Half of young Britons purchased influencer-promoted products in 2017

Half of young Britons purchased influencer-promoted products in 2017 Colm is the editor of MarketingTech, with a mission to bring the most important developments in technology to both businesses and consumers.

Influencer marketing campaigns have proved to be an effective strategy in 2017, with over half of young adults in the UK purchasing an item that has been promoted by an influencer.

New research by affiliate network affilinet polled 2,293 UK adults aged 18-30 on what they thought had most affected their purchasing decisions over the last 12 months. The results show that young consumers are more likely to look to YouTubers, bloggers and other influencers as sources of purchase information.

63% of those surveyed reported that they watch or read content created by their favourite influencers at least once a week or more. A further 28% thought that they consumed this kind of content on a fortnightly basis.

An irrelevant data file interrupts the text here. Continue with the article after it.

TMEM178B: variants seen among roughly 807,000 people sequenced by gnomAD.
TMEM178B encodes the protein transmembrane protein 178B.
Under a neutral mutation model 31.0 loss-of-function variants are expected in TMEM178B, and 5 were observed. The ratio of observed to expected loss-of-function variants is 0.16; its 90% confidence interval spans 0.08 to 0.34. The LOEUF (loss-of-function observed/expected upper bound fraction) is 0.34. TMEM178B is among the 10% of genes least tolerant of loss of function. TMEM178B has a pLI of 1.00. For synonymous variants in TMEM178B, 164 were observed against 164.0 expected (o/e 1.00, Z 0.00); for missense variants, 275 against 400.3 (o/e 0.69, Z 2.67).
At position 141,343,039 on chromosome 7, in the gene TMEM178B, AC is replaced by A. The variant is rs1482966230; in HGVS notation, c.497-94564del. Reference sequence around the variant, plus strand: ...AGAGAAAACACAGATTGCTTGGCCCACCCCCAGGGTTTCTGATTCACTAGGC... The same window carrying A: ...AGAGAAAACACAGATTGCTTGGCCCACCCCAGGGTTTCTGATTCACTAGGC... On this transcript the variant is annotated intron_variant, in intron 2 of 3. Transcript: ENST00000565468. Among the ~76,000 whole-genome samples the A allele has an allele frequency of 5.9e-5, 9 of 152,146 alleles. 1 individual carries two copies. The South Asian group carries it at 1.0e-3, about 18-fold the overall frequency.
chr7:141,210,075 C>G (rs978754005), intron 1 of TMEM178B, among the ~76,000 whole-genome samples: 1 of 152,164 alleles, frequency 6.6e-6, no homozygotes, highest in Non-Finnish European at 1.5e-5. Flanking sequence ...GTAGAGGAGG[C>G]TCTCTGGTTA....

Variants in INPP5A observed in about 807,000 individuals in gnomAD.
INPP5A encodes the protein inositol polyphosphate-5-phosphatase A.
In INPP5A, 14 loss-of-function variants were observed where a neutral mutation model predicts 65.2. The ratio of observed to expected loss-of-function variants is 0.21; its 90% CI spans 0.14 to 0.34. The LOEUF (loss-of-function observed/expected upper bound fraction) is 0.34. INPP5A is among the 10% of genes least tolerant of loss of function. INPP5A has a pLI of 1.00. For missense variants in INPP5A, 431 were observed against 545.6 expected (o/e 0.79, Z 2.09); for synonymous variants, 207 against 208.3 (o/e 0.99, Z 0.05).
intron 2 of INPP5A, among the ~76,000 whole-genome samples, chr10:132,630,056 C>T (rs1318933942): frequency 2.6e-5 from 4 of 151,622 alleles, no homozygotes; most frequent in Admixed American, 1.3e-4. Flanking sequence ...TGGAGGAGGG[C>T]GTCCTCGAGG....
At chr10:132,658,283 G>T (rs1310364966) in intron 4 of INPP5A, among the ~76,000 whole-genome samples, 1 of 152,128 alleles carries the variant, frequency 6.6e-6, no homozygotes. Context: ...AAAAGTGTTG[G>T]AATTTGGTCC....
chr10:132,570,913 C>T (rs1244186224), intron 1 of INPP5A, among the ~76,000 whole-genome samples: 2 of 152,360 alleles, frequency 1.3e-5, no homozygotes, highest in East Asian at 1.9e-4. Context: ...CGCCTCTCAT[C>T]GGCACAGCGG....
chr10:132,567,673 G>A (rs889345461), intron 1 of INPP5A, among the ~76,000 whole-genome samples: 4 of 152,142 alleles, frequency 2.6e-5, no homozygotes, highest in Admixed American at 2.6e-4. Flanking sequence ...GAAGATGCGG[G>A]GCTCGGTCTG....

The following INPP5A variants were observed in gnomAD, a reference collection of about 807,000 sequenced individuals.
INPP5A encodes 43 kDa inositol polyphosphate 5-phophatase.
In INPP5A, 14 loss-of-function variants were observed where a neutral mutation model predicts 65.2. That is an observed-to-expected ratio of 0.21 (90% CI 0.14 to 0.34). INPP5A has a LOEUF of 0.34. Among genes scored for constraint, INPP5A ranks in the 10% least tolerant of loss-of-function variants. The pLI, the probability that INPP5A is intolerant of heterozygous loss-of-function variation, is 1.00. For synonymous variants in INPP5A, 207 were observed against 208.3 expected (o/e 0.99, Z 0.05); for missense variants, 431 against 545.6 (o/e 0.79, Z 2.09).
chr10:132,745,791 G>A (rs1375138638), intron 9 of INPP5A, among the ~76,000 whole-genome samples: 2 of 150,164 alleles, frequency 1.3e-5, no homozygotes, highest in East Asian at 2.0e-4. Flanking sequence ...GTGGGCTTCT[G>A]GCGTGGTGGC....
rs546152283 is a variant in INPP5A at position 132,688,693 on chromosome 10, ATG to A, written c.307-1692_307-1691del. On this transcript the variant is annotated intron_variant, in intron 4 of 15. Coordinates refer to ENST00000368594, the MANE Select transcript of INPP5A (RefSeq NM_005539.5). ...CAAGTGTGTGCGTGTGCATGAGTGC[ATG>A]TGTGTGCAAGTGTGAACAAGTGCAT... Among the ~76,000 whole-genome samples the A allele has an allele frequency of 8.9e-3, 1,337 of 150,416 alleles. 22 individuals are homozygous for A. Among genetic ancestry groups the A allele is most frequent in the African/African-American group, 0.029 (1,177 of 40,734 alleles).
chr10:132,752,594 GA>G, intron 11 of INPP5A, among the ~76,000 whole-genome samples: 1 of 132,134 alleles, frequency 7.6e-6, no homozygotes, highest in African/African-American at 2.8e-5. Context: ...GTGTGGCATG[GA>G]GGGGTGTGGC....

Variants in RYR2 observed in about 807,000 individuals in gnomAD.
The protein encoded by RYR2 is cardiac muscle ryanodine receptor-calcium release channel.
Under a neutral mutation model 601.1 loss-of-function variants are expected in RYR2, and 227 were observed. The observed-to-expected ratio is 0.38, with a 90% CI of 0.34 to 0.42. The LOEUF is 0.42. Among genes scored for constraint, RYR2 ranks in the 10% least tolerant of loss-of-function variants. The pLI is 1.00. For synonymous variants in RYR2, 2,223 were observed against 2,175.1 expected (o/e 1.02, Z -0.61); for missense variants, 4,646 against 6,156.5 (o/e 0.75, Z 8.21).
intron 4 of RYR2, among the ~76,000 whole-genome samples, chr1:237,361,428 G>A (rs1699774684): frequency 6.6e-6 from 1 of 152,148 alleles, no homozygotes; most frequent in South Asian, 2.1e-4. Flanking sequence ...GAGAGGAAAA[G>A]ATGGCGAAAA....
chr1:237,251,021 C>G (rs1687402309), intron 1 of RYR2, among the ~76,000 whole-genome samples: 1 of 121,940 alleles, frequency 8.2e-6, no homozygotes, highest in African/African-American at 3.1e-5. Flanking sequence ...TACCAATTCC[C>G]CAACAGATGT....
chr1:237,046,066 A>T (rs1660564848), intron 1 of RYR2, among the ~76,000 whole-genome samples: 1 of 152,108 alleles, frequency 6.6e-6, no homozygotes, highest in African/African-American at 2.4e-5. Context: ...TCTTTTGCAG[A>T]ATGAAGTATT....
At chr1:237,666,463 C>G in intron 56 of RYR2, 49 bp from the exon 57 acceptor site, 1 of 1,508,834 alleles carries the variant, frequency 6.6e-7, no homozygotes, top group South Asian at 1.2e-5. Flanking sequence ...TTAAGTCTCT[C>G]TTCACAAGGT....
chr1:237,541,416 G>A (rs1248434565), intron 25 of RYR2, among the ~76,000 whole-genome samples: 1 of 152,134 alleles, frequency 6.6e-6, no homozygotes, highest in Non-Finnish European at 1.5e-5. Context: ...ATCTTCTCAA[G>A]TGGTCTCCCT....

The amount of influencers that this age group follow is larger than perhaps most people would expect. When asked how many people they make a conscious effort to subscribe to or follow, the average answer came out at 18.

Inspiring purchases

The participants were also asked about the kinds of purchases they had made due to influencer promotion. 51% said that they had made at least one purchase in the last year due to seeing the product promoted by an influencer they admire.

Clothing items came out on top of the list of products purchased, with 44% of those surveyed saying they bought something they had either seen an influencer wear or they had promoted. This was followed by make-up and beauty products (36%), video games (21%) and furniture or home furnishings (16%).

The average amount spent on influencer-promoted products was estimated to be £285.

 “It seems that influencers are the new A-listers when it comes to inspiration for how we dress, look, decorate, cook and live our lives,” Richard Greenwell, Head of Affiliate Development at affilinet, said.

“Not only are many YouTubers and bloggers relatable in the sense many of them still live relatively ‘normal’ and down-to-earth lives, there is also the notion in many consumers’ minds that they can much more easily attain the lifestyles of some of the more well-known and successful influencers if they set up their own blog, YouTube channel or Instagram page.”

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